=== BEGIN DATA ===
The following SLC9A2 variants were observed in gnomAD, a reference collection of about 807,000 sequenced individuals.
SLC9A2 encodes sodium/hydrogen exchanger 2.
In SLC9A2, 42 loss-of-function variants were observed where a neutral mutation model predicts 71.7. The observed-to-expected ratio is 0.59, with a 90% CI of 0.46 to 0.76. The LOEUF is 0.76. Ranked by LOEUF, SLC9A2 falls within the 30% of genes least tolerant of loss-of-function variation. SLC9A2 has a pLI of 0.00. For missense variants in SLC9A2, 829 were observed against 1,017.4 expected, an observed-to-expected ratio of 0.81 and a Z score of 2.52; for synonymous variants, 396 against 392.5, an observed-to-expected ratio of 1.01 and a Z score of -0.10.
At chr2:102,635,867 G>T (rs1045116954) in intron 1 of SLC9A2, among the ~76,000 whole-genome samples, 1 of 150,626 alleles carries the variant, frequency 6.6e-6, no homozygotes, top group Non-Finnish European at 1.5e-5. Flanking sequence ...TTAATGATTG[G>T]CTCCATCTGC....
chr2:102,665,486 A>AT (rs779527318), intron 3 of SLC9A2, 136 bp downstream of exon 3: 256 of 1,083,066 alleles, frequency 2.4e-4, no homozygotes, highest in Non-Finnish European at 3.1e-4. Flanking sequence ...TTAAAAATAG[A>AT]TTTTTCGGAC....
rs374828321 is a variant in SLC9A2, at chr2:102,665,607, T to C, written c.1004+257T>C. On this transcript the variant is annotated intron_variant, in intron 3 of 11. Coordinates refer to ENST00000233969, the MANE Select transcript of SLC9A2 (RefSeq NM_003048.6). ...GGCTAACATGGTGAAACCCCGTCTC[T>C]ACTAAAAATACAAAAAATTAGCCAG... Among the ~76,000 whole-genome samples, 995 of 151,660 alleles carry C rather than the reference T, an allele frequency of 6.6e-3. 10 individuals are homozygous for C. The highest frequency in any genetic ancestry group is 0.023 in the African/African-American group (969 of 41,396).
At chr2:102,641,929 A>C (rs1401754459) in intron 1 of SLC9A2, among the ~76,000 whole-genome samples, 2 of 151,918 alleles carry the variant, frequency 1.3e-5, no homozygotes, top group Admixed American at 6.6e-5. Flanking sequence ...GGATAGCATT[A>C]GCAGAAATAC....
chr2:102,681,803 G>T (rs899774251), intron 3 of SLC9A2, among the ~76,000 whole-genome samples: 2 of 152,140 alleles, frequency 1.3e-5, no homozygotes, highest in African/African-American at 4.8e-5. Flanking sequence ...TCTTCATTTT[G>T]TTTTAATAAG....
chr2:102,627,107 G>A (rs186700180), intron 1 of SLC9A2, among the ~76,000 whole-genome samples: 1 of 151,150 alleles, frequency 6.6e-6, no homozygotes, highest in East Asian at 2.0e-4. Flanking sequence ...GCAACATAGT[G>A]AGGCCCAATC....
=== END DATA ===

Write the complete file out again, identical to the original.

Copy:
The following SLC9A2 variants were observed in gnomAD, a reference collection of about 807,000 sequenced individuals.
SLC9A2 encodes sodium/hydrogen exchanger 2.
In SLC9A2, 42 loss-of-function variants were observed where a neutral mutation model predicts 71.7. The observed-to-expected ratio is 0.59, with a 90% CI of 0.46 to 0.76. The LOEUF is 0.76. Ranked by LOEUF, SLC9A2 falls within the 30% of genes least tolerant of loss-of-function variation. SLC9A2 has a pLI of 0.00. For missense variants in SLC9A2, 829 were observed against 1,017.4 expected, an observed-to-expected ratio of 0.81 and a Z score of 2.52; for synonymous variants, 396 against 392.5, an observed-to-expected ratio of 1.01 and a Z score of -0.10.
At chr2:102,635,867 G>T (rs1045116954) in intron 1 of SLC9A2, among the ~76,000 whole-genome samples, 1 of 150,626 alleles carries the variant, frequency 6.6e-6, no homozygotes, top group Non-Finnish European at 1.5e-5. Flanking sequence ...TTAATGATTG[G>T]CTCCATCTGC....
chr2:102,665,486 A>AT (rs779527318), intron 3 of SLC9A2, 136 bp downstream of exon 3: 256 of 1,083,066 alleles, frequency 2.4e-4, no homozygotes, highest in Non-Finnish European at 3.1e-4. Flanking sequence ...TTAAAAATAG[A>AT]TTTTTCGGAC....
rs374828321 is a variant in SLC9A2, at chr2:102,665,607, T to C, written c.1004+257T>C. On this transcript the variant is annotated intron_variant, in intron 3 of 11. Coordinates refer to ENST00000233969, the MANE Select transcript of SLC9A2 (RefSeq NM_003048.6). ...GGCTAACATGGTGAAACCCCGTCTC[T>C]ACTAAAAATACAAAAAATTAGCCAG... Among the ~76,000 whole-genome samples, 995 of 151,660 alleles carry C rather than the reference T, an allele frequency of 6.6e-3. 10 individuals are homozygous for C. The highest frequency in any genetic ancestry group is 0.023 in the African/African-American group (969 of 41,396).
At chr2:102,641,929 A>C (rs1401754459) in intron 1 of SLC9A2, among the ~76,000 whole-genome samples, 2 of 151,918 alleles carry the variant, frequency 1.3e-5, no homozygotes, top group Admixed American at 6.6e-5. Flanking sequence ...GGATAGCATT[A>C]GCAGAAATAC....
chr2:102,681,803 G>T (rs899774251), intron 3 of SLC9A2, among the ~76,000 whole-genome samples: 2 of 152,140 alleles, frequency 1.3e-5, no homozygotes, highest in African/African-American at 4.8e-5. Flanking sequence ...TCTTCATTTT[G>T]TTTTAATAAG....
chr2:102,627,107 G>A (rs186700180), intron 1 of SLC9A2, among the ~76,000 whole-genome samples: 1 of 151,150 alleles, frequency 6.6e-6, no homozygotes, highest in East Asian at 2.0e-4. Flanking sequence ...GCAACATAGT[G>A]AGGCCCAATC....